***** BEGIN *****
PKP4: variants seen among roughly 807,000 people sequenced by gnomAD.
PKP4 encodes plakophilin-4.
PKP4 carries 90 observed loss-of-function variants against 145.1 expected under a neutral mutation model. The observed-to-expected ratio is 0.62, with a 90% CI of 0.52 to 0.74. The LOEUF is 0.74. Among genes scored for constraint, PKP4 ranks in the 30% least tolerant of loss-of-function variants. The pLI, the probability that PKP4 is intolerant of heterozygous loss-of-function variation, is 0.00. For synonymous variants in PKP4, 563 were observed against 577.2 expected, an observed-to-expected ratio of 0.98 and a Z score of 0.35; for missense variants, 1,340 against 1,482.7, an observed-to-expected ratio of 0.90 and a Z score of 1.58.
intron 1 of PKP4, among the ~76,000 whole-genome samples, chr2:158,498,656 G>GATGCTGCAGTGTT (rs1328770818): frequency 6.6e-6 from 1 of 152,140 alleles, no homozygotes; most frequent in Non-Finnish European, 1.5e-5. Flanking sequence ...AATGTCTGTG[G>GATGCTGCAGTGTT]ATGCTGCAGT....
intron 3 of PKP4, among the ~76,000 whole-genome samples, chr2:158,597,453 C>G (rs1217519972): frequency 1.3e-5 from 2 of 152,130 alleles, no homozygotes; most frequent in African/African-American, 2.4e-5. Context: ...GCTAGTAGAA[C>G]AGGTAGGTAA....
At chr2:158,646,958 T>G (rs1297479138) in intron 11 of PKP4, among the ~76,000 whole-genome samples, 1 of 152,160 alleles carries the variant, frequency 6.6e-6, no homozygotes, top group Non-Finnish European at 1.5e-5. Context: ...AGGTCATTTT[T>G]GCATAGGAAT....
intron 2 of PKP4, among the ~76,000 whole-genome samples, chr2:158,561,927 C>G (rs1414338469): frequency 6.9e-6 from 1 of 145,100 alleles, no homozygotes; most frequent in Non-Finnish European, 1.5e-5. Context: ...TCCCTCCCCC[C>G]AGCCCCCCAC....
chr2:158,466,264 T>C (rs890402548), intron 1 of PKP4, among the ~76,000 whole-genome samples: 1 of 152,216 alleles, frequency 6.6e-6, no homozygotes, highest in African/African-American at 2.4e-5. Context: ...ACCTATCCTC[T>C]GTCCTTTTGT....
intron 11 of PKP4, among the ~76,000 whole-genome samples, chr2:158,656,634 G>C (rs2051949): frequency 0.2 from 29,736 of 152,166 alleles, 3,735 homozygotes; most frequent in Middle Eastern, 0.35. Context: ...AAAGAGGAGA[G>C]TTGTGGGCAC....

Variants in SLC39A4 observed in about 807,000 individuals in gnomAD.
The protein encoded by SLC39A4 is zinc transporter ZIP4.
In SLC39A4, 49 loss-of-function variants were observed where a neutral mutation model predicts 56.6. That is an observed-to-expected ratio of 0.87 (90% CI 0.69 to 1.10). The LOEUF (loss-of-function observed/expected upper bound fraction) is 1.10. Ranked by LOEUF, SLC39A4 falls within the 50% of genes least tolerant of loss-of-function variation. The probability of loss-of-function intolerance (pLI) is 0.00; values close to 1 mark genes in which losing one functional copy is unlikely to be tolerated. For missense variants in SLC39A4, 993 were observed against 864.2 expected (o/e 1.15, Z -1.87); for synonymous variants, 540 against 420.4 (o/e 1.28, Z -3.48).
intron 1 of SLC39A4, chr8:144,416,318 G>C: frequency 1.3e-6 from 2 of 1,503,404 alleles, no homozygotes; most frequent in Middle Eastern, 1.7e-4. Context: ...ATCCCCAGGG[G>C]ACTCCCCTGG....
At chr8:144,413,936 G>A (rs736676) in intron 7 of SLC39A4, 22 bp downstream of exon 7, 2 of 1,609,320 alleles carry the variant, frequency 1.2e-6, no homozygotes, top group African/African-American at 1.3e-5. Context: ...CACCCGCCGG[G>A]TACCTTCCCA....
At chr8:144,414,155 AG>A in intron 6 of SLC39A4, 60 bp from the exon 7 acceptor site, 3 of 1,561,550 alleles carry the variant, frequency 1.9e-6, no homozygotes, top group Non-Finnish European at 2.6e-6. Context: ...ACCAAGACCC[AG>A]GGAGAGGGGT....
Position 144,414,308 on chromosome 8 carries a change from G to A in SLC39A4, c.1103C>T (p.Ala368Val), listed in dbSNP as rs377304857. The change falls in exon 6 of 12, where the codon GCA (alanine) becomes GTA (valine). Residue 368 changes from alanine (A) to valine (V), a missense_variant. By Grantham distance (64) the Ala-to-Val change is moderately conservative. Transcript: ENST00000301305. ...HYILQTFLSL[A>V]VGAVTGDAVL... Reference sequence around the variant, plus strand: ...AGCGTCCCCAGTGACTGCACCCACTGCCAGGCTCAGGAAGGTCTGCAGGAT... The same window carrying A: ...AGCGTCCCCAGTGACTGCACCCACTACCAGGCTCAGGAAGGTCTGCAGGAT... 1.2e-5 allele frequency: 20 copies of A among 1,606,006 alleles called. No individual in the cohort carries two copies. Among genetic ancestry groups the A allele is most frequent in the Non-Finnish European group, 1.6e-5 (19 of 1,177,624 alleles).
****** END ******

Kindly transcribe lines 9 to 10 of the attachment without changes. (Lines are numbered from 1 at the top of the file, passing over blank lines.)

intron 11 of PKP4, among the ~76,000 whole-genome samples, chr2:158,656,634 G>C (rs2051949): frequency 0.2 from 29,736 of 152,166 alleles, 3,735 homozygotes; most frequent in Middle Eastern, 0.35. Context: ...AAAGAGGAGA[G>C]TTGTGGGCAC....

Variants in SLC39A4 observed in about 807,000 individuals in gnomAD.